Policy Update May 22, 2018

Position on H.R. 5751, Golden Spike 150th Anniversary Act

NPCA submitted the following position to members of the House Natural Resources Subcommittee on Federal Lands ahead of a hearing scheduled for May 22, 2018.

H.R. 5751: Golden Spike 150th Anniversary Act – As noted in the hearing memo, H.R. 5751 redesignates Golden Spike National Historic Site as Golden Spike National Historical Park and establishes a network of sites related to the history, construction, and legacy of the Transcontinental Railroad, as a program of the National Park Service. Further, H.R. 5751 authorizes the superintendent of Golden Spike National Historical Park to enter into agreements with adjacent landowners to complete minor projects and remove invasive species.

NPCA strongly supports expanding the National Park System to more fully tell the story of America’s history, culture and our diverse experiences as a nation. The Golden Spike site certainly offers a unique narrative on the transcontinental railroad boom in the 19th Century—a significant turning point in westward expansion, the makeup of the American workforce and the reach of national media.

Recognizing the stories that the Golden Spike site and bill honor, NPCA has concerns with portions of the bill. The intention of the Transcontinental Railroad Network (TRN) seems to mirror those of other “networks” in the National Park System supported by NPCA. However, the scale and scope of the TRN is significant (2,000-mile railroad corridor), and while criteria are offered in Sec. 4(c ) and (d), these are numerous and will require an unknown but significant amount of National Park Service (NPS) outreach. To that end, this expansion, absence additional funding (see Sec. 7) or resources, may significantly over-tax existing NPS staff. Without known additional resources or philanthropic engagement, the development of robust partnerships to support the TRN rests on adjacent landowners. Lacking adequate NPS capacity to work with such a potentially large number of landowners, we are concerned these partnerships may not result in a balanced or sustainable network to honor the Transcontinental Railroad story. For example, NPCA certainly supports the removal (and necessary treatment) of invasive species; however, without NPS support and guidance along an NPS managed site or network, such activities could be delayed (30-days is very brief) or poorly implemented without adequate mitigation planning, resources or compliance staff engagement.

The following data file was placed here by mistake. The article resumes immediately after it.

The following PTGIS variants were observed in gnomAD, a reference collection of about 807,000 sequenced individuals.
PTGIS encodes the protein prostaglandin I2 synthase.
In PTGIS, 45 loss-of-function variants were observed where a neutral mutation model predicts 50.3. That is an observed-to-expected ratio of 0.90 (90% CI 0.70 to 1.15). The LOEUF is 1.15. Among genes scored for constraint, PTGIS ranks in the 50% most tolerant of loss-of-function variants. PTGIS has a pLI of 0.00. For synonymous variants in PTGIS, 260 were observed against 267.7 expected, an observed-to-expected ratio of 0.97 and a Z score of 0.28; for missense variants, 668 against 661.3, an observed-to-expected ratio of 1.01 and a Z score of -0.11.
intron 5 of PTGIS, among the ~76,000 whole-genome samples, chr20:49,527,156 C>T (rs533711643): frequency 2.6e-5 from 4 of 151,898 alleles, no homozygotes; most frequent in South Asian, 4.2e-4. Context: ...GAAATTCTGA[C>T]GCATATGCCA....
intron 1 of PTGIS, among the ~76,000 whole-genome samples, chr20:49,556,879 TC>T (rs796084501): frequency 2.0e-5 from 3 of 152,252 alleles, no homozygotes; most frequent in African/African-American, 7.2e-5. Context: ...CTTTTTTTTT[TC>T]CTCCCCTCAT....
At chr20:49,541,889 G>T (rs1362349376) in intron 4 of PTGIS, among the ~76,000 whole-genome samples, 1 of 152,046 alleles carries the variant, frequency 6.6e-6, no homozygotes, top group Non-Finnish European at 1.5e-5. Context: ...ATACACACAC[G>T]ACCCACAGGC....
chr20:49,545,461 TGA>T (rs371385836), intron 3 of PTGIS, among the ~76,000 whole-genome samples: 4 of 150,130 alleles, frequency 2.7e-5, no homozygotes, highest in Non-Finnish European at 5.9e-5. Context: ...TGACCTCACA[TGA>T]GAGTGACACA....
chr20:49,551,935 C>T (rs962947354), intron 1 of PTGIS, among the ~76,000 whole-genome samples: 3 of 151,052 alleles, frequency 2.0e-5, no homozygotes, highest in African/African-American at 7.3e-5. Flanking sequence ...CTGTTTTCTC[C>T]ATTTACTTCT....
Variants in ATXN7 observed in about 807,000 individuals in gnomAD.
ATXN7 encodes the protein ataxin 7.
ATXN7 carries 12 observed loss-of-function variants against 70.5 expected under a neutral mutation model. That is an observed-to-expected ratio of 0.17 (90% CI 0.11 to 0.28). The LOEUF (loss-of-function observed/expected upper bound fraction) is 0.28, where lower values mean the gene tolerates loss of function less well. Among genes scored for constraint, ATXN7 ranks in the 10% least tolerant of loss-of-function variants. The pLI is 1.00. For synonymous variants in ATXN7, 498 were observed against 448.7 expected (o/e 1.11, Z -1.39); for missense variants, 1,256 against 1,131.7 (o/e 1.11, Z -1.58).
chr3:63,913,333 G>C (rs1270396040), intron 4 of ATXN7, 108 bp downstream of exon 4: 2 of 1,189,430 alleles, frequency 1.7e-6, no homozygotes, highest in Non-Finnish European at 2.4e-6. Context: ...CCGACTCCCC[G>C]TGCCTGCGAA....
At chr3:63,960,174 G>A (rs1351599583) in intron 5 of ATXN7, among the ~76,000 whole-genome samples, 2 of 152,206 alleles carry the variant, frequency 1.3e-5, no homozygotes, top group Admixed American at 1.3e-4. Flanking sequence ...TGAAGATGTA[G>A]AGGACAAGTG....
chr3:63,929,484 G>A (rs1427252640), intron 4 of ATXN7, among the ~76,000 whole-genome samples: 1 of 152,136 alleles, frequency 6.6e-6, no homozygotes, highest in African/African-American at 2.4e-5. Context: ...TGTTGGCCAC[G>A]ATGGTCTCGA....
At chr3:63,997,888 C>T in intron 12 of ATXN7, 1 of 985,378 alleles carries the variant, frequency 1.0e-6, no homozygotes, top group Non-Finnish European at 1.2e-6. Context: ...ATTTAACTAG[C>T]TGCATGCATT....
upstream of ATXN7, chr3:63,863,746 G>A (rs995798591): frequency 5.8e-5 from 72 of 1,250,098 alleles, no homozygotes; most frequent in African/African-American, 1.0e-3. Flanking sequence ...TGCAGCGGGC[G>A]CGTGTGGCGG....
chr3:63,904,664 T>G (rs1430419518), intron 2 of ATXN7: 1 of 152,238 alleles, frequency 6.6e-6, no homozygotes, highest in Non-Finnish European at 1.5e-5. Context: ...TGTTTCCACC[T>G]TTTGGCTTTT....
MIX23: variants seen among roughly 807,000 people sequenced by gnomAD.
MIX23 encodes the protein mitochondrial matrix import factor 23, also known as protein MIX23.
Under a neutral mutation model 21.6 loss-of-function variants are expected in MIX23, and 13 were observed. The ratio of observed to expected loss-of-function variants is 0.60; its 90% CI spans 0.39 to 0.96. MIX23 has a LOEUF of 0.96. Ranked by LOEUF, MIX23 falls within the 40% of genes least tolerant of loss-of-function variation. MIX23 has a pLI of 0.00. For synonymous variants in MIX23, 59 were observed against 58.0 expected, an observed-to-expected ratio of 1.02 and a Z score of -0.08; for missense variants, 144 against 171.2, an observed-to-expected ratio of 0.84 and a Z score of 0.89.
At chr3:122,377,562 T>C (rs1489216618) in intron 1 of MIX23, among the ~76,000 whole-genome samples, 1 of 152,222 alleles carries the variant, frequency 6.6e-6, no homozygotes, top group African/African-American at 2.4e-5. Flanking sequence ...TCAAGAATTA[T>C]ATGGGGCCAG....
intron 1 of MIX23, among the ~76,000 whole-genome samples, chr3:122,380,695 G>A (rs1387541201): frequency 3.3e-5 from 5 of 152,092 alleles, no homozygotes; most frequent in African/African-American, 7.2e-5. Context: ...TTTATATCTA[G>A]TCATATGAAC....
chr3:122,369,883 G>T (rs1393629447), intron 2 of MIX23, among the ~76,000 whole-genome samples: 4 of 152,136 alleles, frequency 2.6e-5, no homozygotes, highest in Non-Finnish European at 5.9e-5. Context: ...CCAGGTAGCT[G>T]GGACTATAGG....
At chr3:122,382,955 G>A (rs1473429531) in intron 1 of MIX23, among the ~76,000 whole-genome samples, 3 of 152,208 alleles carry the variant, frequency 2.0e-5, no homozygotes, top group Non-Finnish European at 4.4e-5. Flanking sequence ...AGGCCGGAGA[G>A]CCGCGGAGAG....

Additionally, NPCA is concerned with Section 5 relating to Historical Crossings. Again, a 30-day review period is very brief and insufficient to complete a thorough review of any proposed activities. Also, there are no parameters for the substance of possible proposed activities and no requirement of NEPA. It is important that the Park Service be allowed to review the environmental impacts of possible, unspecified activities.

Finally, while the committee’s Hearing Memo offers information regarding the labor of diverse immigrants along the railroad, NPCA encourages Representative Bishop to include this narrative in the bill itself and honor the roles of workers that made the track and NPS site possible. For example, between 1865 and 1869, approximately 12,000 Chinese laborers were hired to work on the completion of the railroad accounting for 85 percent of the Central Pacific Railroad workforce.

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